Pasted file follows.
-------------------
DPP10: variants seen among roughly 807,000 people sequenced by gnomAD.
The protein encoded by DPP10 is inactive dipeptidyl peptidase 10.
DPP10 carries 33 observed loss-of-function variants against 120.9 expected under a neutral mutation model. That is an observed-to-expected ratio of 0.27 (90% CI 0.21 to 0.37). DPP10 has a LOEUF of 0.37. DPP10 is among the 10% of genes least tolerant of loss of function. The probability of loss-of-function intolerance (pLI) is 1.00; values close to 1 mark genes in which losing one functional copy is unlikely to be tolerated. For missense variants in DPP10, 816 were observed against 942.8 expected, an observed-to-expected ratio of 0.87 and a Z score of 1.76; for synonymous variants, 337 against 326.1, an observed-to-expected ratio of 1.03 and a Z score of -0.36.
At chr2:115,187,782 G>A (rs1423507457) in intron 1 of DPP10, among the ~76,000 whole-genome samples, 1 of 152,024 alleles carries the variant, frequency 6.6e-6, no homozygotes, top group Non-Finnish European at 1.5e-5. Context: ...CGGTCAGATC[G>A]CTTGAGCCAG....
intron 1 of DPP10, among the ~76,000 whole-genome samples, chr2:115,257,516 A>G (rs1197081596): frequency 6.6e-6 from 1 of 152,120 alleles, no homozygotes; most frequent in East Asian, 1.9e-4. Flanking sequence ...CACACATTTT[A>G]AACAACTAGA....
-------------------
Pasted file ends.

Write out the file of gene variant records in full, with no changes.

DPP10: variants seen among roughly 807,000 people sequenced by gnomAD.
The protein encoded by DPP10 is inactive dipeptidyl peptidase 10.
DPP10 carries 33 observed loss-of-function variants against 120.9 expected under a neutral mutation model. That is an observed-to-expected ratio of 0.27 (90% CI 0.21 to 0.37). DPP10 has a LOEUF of 0.37. DPP10 is among the 10% of genes least tolerant of loss of function. The probability of loss-of-function intolerance (pLI) is 1.00; values close to 1 mark genes in which losing one functional copy is unlikely to be tolerated. For missense variants in DPP10, 816 were observed against 942.8 expected, an observed-to-expected ratio of 0.87 and a Z score of 1.76; for synonymous variants, 337 against 326.1, an observed-to-expected ratio of 1.03 and a Z score of -0.36.
At chr2:115,187,782 G>A (rs1423507457) in intron 1 of DPP10, among the ~76,000 whole-genome samples, 1 of 152,024 alleles carries the variant, frequency 6.6e-6, no homozygotes, top group Non-Finnish European at 1.5e-5. Context: ...CGGTCAGATC[G>A]CTTGAGCCAG....
intron 1 of DPP10, among the ~76,000 whole-genome samples, chr2:115,257,516 A>G (rs1197081596): frequency 6.6e-6 from 1 of 152,120 alleles, no homozygotes; most frequent in East Asian, 1.9e-4. Flanking sequence ...CACACATTTT[A>G]AACAACTAGA....